Many of us are having a hard time understanding the pros and cons, rights and wrongs, and eventual outcomes of Israel’s newly enacted nation-state law.
On the surface, one might wonder what the fuss is about. We all know Israel is the nation state of the Jewish people. A law that supports that fact should therefore not be contentious. But it is, because the reasons for the law, the eventual outcomes and the responses to the law are multifaceted and highly complex, layered and, in many cases, not yet known.
As with everything that comes out of the Knesset, the law is a compromise and has been passed for political reasons. The belief of those passing the law is that they will receive more votes in the next election because the majority of Israelis wanted such a law.
Minorities aren’t happy about the bill, especially the much-loved Druze. If even they are feeling hard done by, that is a signal that there is a problem, either with the law or the way it was implemented. Belatedly, the government is moving to try to placate the Druze with economic measures that were promised long ago but never completed. But it may not be enough to resolve hurt feelings, the fires of which are being fanned by politicians opposed to this coalition government, and many of Israel’s enemies.
The hurt feelings arise from the dominance of the Jewish aspects of the law. Hebrew is now the country’s sole official language. Despite the law guaranteeing that Arabic use will be protected at, feelings were hurt. This, plus the reference to Jewish settlement is simply a reminder that the state was established for Jews – a reminder of the facts but still difficult to accept when you are not Jewish.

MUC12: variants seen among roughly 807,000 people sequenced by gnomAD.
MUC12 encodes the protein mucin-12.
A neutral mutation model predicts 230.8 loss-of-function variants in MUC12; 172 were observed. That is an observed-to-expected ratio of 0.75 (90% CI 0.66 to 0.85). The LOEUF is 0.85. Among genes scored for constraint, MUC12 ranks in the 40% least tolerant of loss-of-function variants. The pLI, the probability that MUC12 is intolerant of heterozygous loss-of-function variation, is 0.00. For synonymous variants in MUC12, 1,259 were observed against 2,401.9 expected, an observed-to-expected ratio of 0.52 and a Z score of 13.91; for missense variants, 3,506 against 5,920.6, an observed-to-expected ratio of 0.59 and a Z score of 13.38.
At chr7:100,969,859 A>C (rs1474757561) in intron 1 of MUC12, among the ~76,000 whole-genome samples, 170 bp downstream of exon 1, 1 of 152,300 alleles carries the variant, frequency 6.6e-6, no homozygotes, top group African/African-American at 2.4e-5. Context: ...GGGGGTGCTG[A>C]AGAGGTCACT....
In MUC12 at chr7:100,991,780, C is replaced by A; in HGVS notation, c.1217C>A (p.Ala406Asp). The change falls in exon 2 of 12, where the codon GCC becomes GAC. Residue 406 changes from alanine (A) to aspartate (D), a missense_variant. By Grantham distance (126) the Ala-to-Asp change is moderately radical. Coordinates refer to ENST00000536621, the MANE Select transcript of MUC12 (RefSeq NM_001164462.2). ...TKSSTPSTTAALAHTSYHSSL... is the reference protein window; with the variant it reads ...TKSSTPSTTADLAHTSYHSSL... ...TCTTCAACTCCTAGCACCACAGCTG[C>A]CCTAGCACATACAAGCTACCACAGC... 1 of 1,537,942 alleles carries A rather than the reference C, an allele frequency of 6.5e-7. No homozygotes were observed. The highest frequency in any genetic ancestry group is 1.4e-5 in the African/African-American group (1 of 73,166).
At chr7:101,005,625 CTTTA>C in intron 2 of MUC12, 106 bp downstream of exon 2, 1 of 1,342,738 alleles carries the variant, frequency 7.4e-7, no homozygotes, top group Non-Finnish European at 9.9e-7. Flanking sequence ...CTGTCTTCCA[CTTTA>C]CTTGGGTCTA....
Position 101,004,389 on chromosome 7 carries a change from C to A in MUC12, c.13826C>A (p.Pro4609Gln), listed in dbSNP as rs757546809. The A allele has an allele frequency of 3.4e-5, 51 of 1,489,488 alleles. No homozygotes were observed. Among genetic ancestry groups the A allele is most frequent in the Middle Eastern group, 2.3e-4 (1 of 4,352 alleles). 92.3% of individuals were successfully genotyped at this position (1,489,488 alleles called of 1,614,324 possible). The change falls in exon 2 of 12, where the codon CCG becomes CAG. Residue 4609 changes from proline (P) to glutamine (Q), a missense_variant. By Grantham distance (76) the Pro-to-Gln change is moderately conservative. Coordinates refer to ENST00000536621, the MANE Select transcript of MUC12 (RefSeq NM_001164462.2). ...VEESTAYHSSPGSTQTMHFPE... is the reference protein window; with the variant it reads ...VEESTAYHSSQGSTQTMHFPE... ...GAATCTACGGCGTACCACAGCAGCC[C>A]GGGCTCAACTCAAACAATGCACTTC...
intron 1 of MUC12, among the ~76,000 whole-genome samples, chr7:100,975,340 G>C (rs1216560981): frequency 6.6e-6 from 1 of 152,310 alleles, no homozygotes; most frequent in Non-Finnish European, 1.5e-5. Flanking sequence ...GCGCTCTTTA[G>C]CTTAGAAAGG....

There was also a major “miss.” Absent from the law is a reference to the equality of all citizens, which would have responded to the reasonable concerns of Israel’s minorities. Israeli Prime Minister Benjamin Netanyahu’s response – that the right to equality is already present in the Declaration of Independence and at least one other Basic Law – is correct.
But if the right of equality already existed, why not include it in the newest Basic Law, in order to make this nation-state law more palatable to a minority that already feels uncomfortable?
Finally, for the left in the Diaspora, this is seen as ”more of the same,” coming as it does on the heels of the decision to reverse the negotiated Western Wall settlement, the dismissive comments of the chief rabbinate and the politically inspired detention of several activists, upon their entrance into Israel.
But Israel continues to be a Jewish state as well as a democratic state. In fact, the passing of any law by an elected Knesset, whether basic or not, is democratic by definition. But this is also politics, both within Israel, and at an international level – this law was passed by a government that is not liked or appreciated by Israeli minorities and certain commitments to at least some of those minorities have not been fully met. Add to that insufficient communication with a key minority group, the Druze, and the failure to include reference to equality in this Basic Law, and the result is quite predictable: Israeli Arabs, along with those on the left, whether Israeli or not, who are already negative on the Likud-led coalition, were offered a golden opportunity to raise a ruckus (although, interestingly, the extent of the response has been muted on the part of the Israeli Arabs).
Of course, the Israeli government must continue to fulfill its commitments to its non-Jewish citizens to provide equal economic and social support. But that was true before this law was passed. This law is not going to be a difference-maker in the lives of Israeli minorities. In fact, it has helped somewhat by calling attention to commitments not yet completed for some of them. The clumsy way in which it was implemented is unfortunate, because it has offered our enemies more fodder for their attacks on Israel. But the fact remains that Israel was, and remains, the nation state of the Jewish people – a state that is clearly needed, given goings-on around the world.